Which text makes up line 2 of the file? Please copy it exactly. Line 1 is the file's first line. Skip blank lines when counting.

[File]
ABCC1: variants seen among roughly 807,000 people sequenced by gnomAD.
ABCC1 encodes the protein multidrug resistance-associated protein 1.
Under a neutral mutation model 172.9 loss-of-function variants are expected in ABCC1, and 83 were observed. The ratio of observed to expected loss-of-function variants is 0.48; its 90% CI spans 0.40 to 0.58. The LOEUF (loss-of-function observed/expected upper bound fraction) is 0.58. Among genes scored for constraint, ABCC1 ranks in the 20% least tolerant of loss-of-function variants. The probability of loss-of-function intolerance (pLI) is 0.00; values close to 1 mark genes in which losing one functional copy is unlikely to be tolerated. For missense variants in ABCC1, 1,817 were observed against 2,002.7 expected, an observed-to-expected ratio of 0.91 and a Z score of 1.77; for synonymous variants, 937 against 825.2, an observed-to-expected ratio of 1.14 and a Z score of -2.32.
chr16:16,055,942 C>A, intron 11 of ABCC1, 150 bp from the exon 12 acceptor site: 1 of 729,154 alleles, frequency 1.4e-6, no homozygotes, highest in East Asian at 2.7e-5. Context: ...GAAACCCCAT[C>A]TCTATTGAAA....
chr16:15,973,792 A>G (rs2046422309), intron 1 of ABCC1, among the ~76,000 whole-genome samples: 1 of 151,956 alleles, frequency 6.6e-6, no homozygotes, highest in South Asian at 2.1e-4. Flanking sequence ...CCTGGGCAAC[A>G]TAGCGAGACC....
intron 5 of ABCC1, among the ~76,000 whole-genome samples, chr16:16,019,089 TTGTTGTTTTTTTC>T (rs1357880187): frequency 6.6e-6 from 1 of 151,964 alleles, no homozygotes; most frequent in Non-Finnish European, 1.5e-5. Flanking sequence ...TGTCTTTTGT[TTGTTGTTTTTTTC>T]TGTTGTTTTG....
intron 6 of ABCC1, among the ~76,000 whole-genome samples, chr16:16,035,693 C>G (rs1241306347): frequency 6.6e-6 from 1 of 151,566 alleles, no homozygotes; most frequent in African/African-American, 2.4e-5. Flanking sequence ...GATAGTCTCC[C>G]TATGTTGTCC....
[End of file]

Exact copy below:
ABCC1 encodes the protein multidrug resistance-associated protein 1.